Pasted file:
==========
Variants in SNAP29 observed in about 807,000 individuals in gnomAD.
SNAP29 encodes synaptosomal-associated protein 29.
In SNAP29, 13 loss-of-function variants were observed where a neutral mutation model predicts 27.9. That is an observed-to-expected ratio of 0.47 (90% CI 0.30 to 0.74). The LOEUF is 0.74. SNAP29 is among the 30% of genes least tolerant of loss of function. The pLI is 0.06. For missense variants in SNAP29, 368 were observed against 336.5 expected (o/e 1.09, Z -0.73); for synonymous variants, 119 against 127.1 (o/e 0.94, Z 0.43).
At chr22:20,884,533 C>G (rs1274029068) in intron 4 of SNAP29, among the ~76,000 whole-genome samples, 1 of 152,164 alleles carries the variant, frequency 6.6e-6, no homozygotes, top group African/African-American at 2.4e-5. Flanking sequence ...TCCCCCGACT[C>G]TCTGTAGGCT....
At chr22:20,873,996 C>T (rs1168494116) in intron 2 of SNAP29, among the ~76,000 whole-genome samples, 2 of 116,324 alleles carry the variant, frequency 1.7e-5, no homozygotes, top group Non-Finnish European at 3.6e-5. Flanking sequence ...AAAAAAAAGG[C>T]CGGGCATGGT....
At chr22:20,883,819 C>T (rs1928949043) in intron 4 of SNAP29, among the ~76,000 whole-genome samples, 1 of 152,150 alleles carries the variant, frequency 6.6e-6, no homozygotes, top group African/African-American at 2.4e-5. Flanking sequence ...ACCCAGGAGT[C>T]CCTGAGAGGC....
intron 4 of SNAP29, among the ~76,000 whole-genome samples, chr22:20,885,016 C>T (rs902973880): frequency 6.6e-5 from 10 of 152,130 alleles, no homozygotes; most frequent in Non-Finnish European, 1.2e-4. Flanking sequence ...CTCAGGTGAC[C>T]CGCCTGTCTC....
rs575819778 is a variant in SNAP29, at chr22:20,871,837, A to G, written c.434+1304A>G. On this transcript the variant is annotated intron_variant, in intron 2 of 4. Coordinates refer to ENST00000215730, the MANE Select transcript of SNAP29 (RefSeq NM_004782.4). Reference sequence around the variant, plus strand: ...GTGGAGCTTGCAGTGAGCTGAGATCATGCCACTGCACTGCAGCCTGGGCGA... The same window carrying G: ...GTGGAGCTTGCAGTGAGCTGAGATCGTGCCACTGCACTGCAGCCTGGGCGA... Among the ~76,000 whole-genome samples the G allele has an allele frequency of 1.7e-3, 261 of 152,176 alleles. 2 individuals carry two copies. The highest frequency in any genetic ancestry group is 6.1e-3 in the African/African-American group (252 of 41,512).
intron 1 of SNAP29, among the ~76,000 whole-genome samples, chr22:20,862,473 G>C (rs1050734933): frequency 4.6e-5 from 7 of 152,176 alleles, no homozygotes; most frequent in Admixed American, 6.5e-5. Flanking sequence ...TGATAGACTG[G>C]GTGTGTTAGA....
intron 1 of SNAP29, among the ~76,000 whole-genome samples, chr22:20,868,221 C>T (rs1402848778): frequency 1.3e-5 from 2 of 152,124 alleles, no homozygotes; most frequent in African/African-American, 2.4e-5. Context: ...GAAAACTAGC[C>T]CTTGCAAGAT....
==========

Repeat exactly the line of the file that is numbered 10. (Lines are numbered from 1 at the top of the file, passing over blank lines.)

intron 1 of SNAP29, among the ~76,000 whole-genome samples, chr22:20,868,221 C>T (rs1402848778): frequency 1.3e-5 from 2 of 152,124 alleles, no homozygotes; most frequent in African/African-American, 2.4e-5. Context: ...GAAAACTAGC[C>T]CTTGCAAGAT....